(For “Top Chef” fanatics, man, oh, man! is CJ tall: all 6 foot 8 inches of him! I chatted him up about “Top Chef: Chicago” and learned we share a mutual love of Richard Blaise, yet both agreed Stephanie Izzard deserved to win. We also laughed over Marcel Vigneron’s (Season 2) antics and he didn’t even mind when I gushed over the hotness that is Sam Talbot (Season 2). I jokingly asked him if he had his phone number, to which he smiled and said, “Unfortunately, no.”)

Islands: website | myspace

Written by: Mona Sheikh


Monolith Music Festival @ Red Rocks, Denver – Sunday, Sept. 14

Monolith Music Festival was just as busy and just as good on the second day, Sunday, Sept. 14. People started to come out a lot earlier for these acts. I had a long drive ahead of me, so I didn’t make it as late as the headliner Justice, but I still managed to catch a lot. Check out my pictures and reviews below. If you missed it, here is what I had to say about Saturday’s line-up: pt. I and pt. II.

2:00 P.M. to 2:30 P.M. Rosewood Thieves – Esurance Main Stage

I got to the venue in time to catch some of the Rosewood Thieves as they were finishing up their Dylan-esque folk rock set. I enjoyed the laid back jams I heard and wouldn’t mind giving trying to check them out another time.

2:45 P.M. to 3:15 P.M. Snowden – New Belgium Stage

After making the long trek up the stairs from the Esurance Main Stage to the New Belgium, I had the chance to catch my breath during Snowden‘s chill rock set. I really enjoyed grooving to their experimental rock, but what really caught my interest were the amazing bass lines and soulful harmonies of Corinne Lee.

3:00 P.M. to 3:45 P.M. Tokyo Police Club – Esurance Main Stage

Of all the bands at the festival, I must admit that Tokyo Police Club was the band I was most excited to see. This was partly because I really like their music, but also partly because they’ve canceled three shows that I’ve tried to see them at and I was finally getting to see them play live. The boys did not disappoint and put on an energetic set that had the audience clapping along. They all seemed genuinely pleased to be playing for the crowd and their enthusiasm was well-expressed in their music.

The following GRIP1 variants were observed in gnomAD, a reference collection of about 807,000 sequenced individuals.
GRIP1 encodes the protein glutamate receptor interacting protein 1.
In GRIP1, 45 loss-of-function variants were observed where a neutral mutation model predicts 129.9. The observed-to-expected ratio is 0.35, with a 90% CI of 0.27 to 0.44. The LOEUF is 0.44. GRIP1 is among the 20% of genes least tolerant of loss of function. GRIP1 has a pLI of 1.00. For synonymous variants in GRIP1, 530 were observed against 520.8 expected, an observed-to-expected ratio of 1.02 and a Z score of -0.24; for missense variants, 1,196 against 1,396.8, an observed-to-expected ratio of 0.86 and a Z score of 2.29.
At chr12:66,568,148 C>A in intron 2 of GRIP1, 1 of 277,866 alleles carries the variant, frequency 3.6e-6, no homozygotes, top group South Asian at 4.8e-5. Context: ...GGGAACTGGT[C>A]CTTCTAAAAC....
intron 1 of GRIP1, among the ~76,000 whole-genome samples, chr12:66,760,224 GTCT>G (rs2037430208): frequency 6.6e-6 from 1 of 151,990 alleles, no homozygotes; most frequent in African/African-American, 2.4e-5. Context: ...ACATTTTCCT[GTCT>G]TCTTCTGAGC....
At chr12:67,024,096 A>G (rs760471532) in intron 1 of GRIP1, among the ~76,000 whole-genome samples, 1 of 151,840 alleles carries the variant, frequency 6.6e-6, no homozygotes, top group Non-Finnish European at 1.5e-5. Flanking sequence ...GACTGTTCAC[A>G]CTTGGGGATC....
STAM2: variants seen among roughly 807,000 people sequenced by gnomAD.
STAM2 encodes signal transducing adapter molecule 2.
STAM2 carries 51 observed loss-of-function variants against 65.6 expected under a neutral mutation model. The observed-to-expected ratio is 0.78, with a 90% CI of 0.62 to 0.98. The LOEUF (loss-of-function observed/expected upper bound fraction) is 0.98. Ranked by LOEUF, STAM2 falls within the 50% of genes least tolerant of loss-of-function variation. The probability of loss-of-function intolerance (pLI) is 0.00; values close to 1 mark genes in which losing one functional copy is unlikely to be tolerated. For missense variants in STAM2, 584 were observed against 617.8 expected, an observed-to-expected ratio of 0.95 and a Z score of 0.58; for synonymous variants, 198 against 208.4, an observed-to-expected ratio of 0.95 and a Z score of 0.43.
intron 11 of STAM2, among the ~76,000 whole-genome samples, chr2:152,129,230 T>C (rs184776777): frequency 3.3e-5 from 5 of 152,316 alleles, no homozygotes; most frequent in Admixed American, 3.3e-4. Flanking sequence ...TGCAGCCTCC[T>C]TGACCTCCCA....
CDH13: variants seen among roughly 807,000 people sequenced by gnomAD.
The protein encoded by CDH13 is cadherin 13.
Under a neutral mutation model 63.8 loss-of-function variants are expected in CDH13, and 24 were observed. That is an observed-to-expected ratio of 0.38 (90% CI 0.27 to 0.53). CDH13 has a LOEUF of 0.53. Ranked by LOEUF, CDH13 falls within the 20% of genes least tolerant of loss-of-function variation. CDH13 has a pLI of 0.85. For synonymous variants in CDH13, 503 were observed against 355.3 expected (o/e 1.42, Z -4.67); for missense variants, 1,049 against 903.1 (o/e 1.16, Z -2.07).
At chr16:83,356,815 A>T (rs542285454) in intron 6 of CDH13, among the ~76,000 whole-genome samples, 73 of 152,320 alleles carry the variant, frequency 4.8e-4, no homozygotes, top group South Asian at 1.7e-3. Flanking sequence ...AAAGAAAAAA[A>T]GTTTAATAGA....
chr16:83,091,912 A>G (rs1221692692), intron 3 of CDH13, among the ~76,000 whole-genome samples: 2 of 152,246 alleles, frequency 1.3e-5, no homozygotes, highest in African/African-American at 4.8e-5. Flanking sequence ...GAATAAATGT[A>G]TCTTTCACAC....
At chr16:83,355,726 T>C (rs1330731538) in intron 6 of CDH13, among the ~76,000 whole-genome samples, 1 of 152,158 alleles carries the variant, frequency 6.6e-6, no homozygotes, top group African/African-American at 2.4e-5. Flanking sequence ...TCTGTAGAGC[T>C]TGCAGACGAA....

3:45 P.M. to 4:30 P.M. The Handsome Furs – New Belgium Stage

The Handsome Furs were one of those bands that I thought was really good, but maybe not as great as people are making them out to be. Denver was excited for this band because they’re not getting a visit from Wolf Parade on their upcoming tour, so I suppose this spin-off group sufficed. However, while they rocked musically, their stage show was a little dry.

4:30 P.M. to 5:10 P.M. Miles Benjamin Anthony Robinson – Stage

Miles Benjamin Anthony Robinson has been well-supported on this site by the other editors and writers and now I finally saw what the party was all about. MBAR and his supporting crew excellently swelled from mellow acoustic melodies to exploding indie rock anthems supported with big bass drums and guitar solos. MBAR treated the audience to a few new songs, which indicate the upcoming album should be amazing.

5:00 P.M. to 5:45 P.M. Tilly and The Wall – New Belgium Stage

Omaha represent! Tilly and the Wall are one of the best live groups you could possibly see. They play a series of songs that has everybody dancing whether they tap or not. One Omaha guy loves them so much he follows them around in fun outfits and Tilly even let him join them on stage. This was the first time I got to hear songs from O live and they sounded much better when accompanied by their live stage show than the recording was able to capture. My only regret about Tilly and the Wall was that I didn’t plan ahead and try to carpool to Monolith with them.

5:50 P.M. to 6:30 P.M. The Whigs – Stage

When I heard the Whigs on the radio, I wasn’t blown away. For the first song of their set, I still had yet to be blown away, but once the guys loosened up their Nirvana meets The Beatles music finally caught my attention. I especially loved when lead singer Parker Gispert kicked along with every clash of the cymbal.

5:45 P.M. to 6:45 P.M. Sharon Jones and the Dap Kings – Esurance Main Stage